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Cheers and thanks for your interest. Hayley
Sunday, February 21, 2010
Feb 21st Update
We are less than 2 days away from South Georgia and already I am imagining the first scene on the horizon of this snow clad rugged piece of paradise in the middle of the Southern Ocean. The feelings that may follow will be of excitement, apprehension and an urgency to be finally on its very shores. And then I think of Shackleton.
We have spent 5 days so far at sea, eating rather simply living on plain pasta and Ichiban noodles, trying to keep down the odd cuppa tea and sipping water to stay hydrated. And every time I crawl into my dry, warm bunk I can not help but admire, even envy the strength, will power, the courage and hope it took for Shackleton and his men to survive such an ordeal. Imagine their first feeling as they set eyes on land, having spent 18 days at sea in a 20 foot wooden dory, home stitched canvas for shelter, drinking salt contaminated water, an only a water drenched caribou sleeping bag to turn to in an attempt to sleep.
They were a different breed of man and although I'd rather not be tested as they were, my curiosity of how they endured those circumstances, wondering if I ever could, plays on my mind.
We spent 18 hours hove-to yesterday as the wind blew 50 knots creating building blocks of seas that surrounded our little home. The feeling of vulnerability came over me once again and the confinements of this space and the limited ability to move tormented me. Every little chore was a task that needed our full attention. The simple steps of making a cup of tea or going to the bathroom consisted of precise movements that had to be done a certain way. These usually mindless chores suddenly required step by step instructions.
As we draw nearer to South Georgia my mind spends most of it's time going through the motions of packing my boat, setting up my mounted camera, setting up camp and playing close attention to the weather. I feel nervous as to how my body is going to react sitting in a kayak and the demands on my back and wrists as I paddle a fully loaded boat for the first time in a month. It will be a month tomorrow that Beth-Anne and I departed from Victoria. A whole month removed from a world of kayaking. Although I know it will be best to not push myself at first, to start steady, I know myself to well; if the weather is good I will paddle hard with the aim of trying to get a few miles under my belt.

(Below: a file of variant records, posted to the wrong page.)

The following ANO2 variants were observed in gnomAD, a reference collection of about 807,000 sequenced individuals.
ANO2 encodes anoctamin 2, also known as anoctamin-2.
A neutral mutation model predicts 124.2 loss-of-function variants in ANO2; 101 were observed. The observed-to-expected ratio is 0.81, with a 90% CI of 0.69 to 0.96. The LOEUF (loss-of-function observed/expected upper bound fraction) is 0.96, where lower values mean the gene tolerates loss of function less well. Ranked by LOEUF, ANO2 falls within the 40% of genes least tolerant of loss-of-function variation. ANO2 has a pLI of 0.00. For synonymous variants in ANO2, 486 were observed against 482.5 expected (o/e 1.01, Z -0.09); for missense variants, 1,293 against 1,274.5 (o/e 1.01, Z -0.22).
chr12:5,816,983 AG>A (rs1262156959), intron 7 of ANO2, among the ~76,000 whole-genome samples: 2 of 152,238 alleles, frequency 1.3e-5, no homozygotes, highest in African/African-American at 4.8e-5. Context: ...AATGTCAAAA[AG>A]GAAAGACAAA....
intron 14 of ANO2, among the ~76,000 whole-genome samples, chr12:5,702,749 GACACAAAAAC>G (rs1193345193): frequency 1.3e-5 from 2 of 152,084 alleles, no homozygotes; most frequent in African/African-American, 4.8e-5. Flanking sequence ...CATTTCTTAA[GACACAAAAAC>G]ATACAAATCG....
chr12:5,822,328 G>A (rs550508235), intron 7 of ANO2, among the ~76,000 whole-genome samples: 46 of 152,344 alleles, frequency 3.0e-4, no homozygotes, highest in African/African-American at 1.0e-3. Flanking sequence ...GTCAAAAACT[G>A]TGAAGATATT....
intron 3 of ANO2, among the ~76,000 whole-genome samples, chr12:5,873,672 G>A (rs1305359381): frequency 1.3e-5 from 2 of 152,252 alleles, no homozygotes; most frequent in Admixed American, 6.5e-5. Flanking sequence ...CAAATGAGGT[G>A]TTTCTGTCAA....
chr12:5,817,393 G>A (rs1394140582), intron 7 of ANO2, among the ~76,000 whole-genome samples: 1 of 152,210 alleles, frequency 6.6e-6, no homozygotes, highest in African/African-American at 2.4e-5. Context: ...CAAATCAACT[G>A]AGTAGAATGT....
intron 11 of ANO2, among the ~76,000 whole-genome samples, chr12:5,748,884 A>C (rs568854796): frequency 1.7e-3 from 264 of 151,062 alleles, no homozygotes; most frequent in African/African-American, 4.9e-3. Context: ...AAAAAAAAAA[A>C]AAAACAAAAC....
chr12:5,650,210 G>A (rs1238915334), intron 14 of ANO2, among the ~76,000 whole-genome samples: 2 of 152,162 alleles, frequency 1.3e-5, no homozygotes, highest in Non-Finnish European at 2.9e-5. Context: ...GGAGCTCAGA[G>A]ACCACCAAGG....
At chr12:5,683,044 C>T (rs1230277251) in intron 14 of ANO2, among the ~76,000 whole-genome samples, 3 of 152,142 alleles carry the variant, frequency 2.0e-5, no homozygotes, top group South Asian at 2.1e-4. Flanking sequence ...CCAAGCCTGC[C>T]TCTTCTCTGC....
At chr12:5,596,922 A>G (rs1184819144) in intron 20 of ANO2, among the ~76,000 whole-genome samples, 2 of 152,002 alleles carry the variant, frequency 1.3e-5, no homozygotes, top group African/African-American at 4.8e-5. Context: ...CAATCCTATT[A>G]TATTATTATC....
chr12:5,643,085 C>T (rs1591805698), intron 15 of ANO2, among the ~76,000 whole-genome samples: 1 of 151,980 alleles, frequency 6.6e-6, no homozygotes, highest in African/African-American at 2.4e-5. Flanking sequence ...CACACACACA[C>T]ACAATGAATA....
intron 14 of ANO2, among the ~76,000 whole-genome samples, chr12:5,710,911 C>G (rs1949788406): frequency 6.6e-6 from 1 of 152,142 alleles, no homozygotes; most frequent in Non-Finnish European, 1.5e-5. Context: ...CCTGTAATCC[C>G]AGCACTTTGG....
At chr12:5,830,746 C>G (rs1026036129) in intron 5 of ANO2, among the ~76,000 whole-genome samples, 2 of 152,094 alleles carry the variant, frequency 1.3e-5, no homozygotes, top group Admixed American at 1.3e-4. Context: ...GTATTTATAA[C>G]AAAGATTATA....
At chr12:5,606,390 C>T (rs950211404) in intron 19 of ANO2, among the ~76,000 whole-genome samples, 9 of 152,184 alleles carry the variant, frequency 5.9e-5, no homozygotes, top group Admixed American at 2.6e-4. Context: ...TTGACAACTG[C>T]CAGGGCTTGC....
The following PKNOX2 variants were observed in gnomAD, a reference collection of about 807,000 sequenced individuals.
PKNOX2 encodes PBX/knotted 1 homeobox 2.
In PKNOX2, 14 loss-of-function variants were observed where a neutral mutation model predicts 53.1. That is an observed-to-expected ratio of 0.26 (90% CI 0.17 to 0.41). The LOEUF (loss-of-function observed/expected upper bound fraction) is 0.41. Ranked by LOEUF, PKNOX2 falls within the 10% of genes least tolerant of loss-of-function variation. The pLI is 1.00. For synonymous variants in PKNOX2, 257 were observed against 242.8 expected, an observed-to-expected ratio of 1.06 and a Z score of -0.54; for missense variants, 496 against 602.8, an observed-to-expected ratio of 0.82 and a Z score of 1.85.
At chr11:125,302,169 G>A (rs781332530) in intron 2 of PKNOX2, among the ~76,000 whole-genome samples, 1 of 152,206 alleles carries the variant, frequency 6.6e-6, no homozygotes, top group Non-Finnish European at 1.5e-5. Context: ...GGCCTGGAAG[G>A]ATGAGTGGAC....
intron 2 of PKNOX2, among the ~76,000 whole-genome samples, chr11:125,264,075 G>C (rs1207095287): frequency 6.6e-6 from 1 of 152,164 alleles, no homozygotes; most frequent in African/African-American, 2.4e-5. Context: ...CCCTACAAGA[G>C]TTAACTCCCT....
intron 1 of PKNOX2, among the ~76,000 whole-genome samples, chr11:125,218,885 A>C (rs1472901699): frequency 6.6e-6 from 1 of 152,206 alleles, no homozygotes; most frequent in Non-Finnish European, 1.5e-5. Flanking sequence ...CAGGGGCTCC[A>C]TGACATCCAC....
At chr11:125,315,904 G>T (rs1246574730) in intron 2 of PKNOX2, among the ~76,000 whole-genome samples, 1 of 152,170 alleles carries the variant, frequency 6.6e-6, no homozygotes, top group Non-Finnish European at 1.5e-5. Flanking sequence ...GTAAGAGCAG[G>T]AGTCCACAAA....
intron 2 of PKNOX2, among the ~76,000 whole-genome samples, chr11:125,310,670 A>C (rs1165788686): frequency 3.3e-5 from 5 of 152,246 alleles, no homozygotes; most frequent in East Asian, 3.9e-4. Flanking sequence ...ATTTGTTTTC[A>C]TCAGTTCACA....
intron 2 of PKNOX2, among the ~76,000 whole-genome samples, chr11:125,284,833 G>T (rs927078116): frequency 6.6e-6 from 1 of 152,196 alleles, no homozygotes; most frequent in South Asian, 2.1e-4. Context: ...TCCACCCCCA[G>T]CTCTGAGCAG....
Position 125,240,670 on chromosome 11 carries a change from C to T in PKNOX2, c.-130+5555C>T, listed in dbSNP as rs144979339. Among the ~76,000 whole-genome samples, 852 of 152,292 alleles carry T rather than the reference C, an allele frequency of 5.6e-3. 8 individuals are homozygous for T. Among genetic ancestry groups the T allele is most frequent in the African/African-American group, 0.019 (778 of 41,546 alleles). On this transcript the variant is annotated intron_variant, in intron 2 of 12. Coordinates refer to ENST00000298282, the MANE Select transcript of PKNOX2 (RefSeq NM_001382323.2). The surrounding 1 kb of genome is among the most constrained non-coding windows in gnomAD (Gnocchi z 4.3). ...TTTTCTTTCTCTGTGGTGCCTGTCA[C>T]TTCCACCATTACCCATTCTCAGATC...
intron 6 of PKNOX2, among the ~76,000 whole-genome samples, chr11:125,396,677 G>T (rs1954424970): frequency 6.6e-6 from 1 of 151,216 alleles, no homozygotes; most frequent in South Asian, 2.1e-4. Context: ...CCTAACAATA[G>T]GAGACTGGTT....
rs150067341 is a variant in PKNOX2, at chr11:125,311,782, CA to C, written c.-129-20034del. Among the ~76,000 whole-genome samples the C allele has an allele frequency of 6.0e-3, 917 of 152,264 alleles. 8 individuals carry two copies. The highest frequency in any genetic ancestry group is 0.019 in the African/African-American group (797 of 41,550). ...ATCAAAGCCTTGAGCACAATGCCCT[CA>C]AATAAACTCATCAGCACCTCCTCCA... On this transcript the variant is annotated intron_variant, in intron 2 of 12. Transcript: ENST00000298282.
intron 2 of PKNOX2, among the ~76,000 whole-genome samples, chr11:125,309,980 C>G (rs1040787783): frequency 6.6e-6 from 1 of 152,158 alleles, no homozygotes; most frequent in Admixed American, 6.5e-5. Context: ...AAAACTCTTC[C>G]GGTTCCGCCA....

I'm concerned about the delay and starting so late in the season. South Georgia is a place that itineraries and schedules mean nothing and you can not be in a hurry.
In some way I wonder, 'is it best that I alter my dream a little' an altered dream is still a dream after-all. Do I go into this accepting that how far I get around South Georgia Island, with the paddle window I have, is good enough or do I continue with the determination I still possess and safely, cautiously go about circumnavigating. These thoughts come in and out of my consciousness as our lengthy days at sea drift by like this SW swell.
I need to sign off as I am due to be on watch. We have started doing outside watches after an iceberg was spotted only a mile away from our port side. The air temperature has dropped and fog is common - all signs that we have crossed the convergence.
A big hello and a hug to those special parents – my mum val, my dad and Fran from New Zealand and dear Kal and Win from Ontario. xox